France’s Oldest Citizen Still Smiling

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Honorine (l) gets a kiss from her 85-year-old daughter Yvette

The 113-year-old is still the straight-talking bookworm she always was, according to her relatives

“I’d prefer not to be”, says Honorine Rondello with aplomb, when asked how she feels about being France’s oldest woman. Her 85-year-old daughter Yvette Florens smiles on with tenderness and admiration. Rondello, who was born Honorine Cadoret in Brittany in July 1903, took over the title of France’s oldest citizen after the passing of Elisabeth Collot in the Isère department just last week.

Honorine has been living in a retirement home in the little town of Saint-Maximin-la-Sainte-Baume in the Var department for the last six years. Interestingly, this is only 100km east of Arles – the town where the oldest ever living human being (Jeanne Calment) lived to the very ripe age of 122.

When she’s not receiving family, she apparently spends most of her day exercising her considerable grey matter by reading, according to those closest to her.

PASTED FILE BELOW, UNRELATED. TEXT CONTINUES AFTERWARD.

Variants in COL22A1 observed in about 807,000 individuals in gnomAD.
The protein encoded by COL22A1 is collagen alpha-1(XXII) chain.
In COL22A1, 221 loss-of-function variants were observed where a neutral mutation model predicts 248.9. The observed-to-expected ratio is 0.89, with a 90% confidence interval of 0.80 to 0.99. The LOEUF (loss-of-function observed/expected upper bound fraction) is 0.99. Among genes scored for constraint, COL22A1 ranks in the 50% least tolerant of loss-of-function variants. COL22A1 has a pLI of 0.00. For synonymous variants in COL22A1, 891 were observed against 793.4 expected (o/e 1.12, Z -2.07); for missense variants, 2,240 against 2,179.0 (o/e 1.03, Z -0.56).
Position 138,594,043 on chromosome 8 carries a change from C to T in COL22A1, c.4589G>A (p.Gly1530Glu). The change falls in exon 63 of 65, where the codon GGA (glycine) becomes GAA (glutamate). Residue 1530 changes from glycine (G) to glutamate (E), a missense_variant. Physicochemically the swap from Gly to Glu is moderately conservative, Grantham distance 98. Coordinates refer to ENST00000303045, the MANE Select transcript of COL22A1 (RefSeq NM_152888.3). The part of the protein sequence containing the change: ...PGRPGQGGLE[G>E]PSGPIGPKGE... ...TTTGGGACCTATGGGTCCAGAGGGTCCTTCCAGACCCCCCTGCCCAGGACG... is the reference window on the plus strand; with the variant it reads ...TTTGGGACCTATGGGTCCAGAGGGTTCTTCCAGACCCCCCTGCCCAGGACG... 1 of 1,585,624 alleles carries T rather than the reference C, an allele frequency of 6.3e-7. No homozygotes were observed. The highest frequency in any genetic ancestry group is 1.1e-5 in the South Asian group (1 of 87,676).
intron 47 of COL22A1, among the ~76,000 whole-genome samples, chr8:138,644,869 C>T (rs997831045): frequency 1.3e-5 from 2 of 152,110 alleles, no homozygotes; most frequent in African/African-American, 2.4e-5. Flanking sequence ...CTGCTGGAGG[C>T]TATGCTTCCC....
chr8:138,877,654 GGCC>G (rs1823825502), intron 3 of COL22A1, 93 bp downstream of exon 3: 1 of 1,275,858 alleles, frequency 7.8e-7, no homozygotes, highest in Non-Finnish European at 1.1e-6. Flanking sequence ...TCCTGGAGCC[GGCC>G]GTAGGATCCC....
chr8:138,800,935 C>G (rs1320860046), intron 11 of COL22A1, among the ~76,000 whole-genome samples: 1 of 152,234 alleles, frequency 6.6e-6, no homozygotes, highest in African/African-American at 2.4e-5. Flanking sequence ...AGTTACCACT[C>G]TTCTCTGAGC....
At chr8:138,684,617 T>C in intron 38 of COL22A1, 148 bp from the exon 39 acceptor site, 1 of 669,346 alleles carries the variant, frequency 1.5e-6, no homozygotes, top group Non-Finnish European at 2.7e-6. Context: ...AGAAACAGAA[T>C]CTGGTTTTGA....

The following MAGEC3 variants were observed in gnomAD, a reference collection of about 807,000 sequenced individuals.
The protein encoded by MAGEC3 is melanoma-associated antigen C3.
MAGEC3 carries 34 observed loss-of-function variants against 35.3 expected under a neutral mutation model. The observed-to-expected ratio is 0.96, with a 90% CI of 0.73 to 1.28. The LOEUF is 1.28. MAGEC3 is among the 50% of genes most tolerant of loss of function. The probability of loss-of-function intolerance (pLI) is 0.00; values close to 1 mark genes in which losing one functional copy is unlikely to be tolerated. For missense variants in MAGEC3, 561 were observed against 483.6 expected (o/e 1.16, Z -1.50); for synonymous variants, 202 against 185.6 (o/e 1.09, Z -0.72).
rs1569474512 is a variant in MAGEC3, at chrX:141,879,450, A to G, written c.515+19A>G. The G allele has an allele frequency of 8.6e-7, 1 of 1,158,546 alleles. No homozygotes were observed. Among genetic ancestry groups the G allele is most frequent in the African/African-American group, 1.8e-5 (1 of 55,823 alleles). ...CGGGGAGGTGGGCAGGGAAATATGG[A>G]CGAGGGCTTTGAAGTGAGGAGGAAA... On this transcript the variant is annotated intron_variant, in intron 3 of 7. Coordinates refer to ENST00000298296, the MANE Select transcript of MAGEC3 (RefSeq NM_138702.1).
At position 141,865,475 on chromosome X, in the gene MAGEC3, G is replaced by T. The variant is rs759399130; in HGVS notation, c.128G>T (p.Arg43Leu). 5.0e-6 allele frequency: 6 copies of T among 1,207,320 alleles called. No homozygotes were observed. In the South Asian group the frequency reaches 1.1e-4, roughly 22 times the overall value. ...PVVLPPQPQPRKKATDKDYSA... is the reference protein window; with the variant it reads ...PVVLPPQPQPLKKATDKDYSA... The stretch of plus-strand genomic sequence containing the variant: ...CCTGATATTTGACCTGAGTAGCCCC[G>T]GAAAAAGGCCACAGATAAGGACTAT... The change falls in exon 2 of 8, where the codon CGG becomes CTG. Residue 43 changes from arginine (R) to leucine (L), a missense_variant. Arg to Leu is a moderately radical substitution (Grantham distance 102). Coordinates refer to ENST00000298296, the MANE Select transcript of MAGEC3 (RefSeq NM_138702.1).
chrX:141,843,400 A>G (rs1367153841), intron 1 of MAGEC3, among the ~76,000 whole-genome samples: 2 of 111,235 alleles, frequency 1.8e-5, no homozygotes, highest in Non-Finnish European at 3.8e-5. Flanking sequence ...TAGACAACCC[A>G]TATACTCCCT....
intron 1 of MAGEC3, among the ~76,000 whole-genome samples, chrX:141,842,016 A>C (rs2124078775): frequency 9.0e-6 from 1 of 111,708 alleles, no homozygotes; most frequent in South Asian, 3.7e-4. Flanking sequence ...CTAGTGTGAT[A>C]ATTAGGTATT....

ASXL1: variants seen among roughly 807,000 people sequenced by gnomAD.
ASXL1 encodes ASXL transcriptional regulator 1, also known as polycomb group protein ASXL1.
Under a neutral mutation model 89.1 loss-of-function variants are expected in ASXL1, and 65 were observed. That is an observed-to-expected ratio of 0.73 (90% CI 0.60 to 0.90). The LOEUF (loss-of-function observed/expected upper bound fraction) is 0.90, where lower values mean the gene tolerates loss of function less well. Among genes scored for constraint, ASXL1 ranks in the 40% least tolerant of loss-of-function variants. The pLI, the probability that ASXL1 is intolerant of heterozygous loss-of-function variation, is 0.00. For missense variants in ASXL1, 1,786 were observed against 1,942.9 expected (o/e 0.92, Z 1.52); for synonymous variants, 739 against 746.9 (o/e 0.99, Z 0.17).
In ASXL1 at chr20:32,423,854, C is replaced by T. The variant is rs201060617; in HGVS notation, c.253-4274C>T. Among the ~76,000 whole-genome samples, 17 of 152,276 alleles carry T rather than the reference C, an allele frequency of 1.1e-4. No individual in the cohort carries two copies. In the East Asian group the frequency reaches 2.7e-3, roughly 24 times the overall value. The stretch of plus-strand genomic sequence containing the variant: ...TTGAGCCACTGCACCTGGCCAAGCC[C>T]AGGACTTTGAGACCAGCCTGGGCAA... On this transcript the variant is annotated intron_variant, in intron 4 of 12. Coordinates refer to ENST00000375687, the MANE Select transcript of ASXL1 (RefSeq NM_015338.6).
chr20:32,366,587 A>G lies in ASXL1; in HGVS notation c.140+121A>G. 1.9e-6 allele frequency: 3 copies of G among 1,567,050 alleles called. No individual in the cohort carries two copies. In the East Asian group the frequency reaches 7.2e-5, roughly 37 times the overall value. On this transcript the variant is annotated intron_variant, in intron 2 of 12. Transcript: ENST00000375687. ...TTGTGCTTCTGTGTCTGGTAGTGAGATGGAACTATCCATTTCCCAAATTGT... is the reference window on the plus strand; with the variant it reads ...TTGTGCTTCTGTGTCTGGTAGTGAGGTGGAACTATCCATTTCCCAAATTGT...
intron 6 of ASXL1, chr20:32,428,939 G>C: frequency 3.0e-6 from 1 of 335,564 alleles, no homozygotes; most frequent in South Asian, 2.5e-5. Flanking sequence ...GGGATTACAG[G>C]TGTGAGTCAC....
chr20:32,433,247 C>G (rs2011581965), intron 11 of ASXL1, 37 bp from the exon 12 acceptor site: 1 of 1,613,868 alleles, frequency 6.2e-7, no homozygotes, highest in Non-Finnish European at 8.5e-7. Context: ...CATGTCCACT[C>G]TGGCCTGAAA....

“I have a walk around the corridors, I eat and then I go back to my room,” says Ms Rondello, in an interview with the Sud-Ouest newspaper. “I haven’t much to talk about with the other residents, there are quite a few of them that don’t have their full faculties any more.”

Still enjoying a good read: Honorine keeps the grey matter active by reading every day

Still enjoying a good read: Honorine keeps the grey matter active by reading every day

This old lady is certainly still all there: “And I still have plenty of memory! My legs don’t keep up any more, however.”

“Neither does your hearing!” her daughter teases.

So what’s the secret of her longevity?

“I don’t even know myself! It just happened liked that, pure and simple!” Although she radiates a humble and unassuming personality on first impression, this Breton girl has been through a lot of upheaval in her life. She has seen two World Wars come and go.

“Her childhood wasn’t an easy one,” says her daughter Yvette. “She came from a poor family; her father was a fisherman and she used to housekeep.”

“I used to work in the houses of the bourgeoisie,” says Honorine, just to be clear about it. “I’m not really aware of my age… It only hits me when I want to do something and my body won’t allow me to do it.” She gets around mostly in a wheelchair but she can still walk very short distances.

Although she mentions Jeanne Calment in the course of the interview, she certainly has no intention of attempting to beat her record of 122 years:

“If it means having to be bedridden, then no thank you! I live from one day to the next. When the time comes, I’ll do just like everyone else does and take my leave,” says Honorine Rondello, still with an enigmatic smile on her face.

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